A week before Lula’s release, Brazil’s far right minister of Foreign Affairs, Ernesto Araújo was interviewed by AS/COA CEO and President Susan Segal. In the interview, Bolsonaro’s ruinous Amazon policy was called a “win win”. In 2019 Araújo called the an U.S.-Brazil bilateral agreement to open up the Amazon “… the Holy Grail of Brazil’s foreign policy, at least for the private sector”.
Published less than two weeks after the Araújo’s interview, Stuenkel’s Americas Quarterly piece was headlined “Much of Latin America’s Left Has a Blind Spot: The Environment. As center-left leaders in Europe and the U.S. prioritize the fight against climate change, the same cannot be said of their Latin American peers.”
Stuenkel attacked the region’s left leaders whilst lauding the environment record of Colombia’s AS/COA backed right wing President Iván Duque.
In Lula’s first public speech since charges against him were anulled, Stuenkel complained that:
…while Lula seemed to criticize every single one of Bolsonaro’s policies, one topic was conspicuously absent: During his nearly 90-minute speech, the left-wing leader did not once mention climate change, deforestation or fires in the Amazon forest and the Pantanal wetlands, all of which have made regular global headlines over the past several years.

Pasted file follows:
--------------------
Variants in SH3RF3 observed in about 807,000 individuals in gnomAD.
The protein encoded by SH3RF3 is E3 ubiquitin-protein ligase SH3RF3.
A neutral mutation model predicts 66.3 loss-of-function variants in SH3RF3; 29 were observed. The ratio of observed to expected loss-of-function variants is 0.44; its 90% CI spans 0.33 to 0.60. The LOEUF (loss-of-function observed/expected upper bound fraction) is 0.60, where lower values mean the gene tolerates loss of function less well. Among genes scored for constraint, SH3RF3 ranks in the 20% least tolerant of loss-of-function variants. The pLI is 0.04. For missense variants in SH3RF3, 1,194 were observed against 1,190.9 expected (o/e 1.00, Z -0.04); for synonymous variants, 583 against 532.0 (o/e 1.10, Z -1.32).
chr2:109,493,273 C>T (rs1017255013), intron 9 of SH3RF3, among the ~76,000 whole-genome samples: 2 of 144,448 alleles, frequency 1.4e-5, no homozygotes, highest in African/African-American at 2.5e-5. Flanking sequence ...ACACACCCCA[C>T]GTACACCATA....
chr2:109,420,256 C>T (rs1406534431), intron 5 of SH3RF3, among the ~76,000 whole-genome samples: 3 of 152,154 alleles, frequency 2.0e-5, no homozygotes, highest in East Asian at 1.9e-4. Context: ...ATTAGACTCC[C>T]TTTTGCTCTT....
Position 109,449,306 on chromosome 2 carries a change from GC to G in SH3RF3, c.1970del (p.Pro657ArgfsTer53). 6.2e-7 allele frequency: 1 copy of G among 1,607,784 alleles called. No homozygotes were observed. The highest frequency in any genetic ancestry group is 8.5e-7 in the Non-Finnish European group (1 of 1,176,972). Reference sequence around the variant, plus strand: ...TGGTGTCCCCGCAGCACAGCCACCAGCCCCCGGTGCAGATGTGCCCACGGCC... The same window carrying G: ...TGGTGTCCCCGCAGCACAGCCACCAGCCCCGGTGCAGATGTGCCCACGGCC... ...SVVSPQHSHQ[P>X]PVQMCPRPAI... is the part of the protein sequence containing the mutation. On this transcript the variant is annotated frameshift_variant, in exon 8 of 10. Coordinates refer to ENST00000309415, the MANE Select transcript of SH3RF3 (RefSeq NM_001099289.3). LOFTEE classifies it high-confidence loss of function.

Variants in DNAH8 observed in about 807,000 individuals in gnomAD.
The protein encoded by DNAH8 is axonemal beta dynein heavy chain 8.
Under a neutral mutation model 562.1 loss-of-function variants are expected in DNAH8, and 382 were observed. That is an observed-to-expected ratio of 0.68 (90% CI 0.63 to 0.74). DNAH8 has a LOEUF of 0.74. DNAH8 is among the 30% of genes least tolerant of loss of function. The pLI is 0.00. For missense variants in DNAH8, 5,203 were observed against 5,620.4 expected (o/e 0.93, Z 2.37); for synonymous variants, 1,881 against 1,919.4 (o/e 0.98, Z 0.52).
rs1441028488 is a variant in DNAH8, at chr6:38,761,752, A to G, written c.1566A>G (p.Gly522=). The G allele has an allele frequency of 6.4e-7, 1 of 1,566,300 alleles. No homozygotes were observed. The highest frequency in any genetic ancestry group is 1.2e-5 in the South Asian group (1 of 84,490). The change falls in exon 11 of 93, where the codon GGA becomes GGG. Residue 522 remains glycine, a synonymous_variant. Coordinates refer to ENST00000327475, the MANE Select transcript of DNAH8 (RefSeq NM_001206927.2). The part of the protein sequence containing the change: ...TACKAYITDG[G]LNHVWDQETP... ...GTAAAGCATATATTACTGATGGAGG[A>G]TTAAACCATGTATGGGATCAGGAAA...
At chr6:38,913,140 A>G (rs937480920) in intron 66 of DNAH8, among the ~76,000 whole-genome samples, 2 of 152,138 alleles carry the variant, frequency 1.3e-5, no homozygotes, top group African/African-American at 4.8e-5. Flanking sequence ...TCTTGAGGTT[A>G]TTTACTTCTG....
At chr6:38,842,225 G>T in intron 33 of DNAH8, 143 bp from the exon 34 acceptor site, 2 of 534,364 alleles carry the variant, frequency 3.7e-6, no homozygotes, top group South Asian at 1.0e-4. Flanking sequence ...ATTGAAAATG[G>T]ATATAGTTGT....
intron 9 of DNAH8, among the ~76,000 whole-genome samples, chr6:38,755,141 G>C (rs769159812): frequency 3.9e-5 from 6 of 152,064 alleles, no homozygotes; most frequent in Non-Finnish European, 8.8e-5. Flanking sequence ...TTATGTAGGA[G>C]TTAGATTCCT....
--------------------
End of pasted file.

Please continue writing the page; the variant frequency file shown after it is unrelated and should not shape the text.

Besides the fact that Lula has spoken about all of these things since his release from jail in November 2019, this was especially disingenuous given his record in government. Besides beginning the transition of Brazil’s electrical grid, already based largely upon hydroelectric, towards wind and solar power, Amazon deforestation fell dramatically under Lula between 2003 and 2010.
In June 2013 it was announced that Lula’s government reduced greenhouse emissions by 39% between 2005 and 2010, reducing them to below 1990 levels, primarily due to reduction of deforestation in the Amazon.
And even before 2015’s Paris accord, in 2009 Lula had already promised that Brazil would reduce its greenhouse emissions by 36 percent or more by 2020.
These targets were reached early, just as a corporate free for all was enabled by the impeachment of Dilma Rousseff and election of Bolsonaro–both of which with came with the de-facto support of AS/COA and to the delight of its members.
When the forests are gone, the minerals remain. The riches of Brazil’s Amazon have long been coveted.In 1998, Brazilian mining giant Vale was sold off for a fraction of its value, by Americas Quarterly board member, then president Fernando Henrique Cardoso, yet extractivism became a buzzword in Brazil only following its discovery of massive offshore oil deposits in 2007, with a myriad of research papers on the subject since, many of them used to attack the ‘pink tide’. It seems that extractivism in the private sector is not an issue. Somehow, only when the companies involved are state controlled does this come under serious scrutiny by anglo media and academia, whose often well intentioned work is laundered through think tanks like AS/COA as a means to attack dreaded resource nationalist governments in Latin America “from the left”.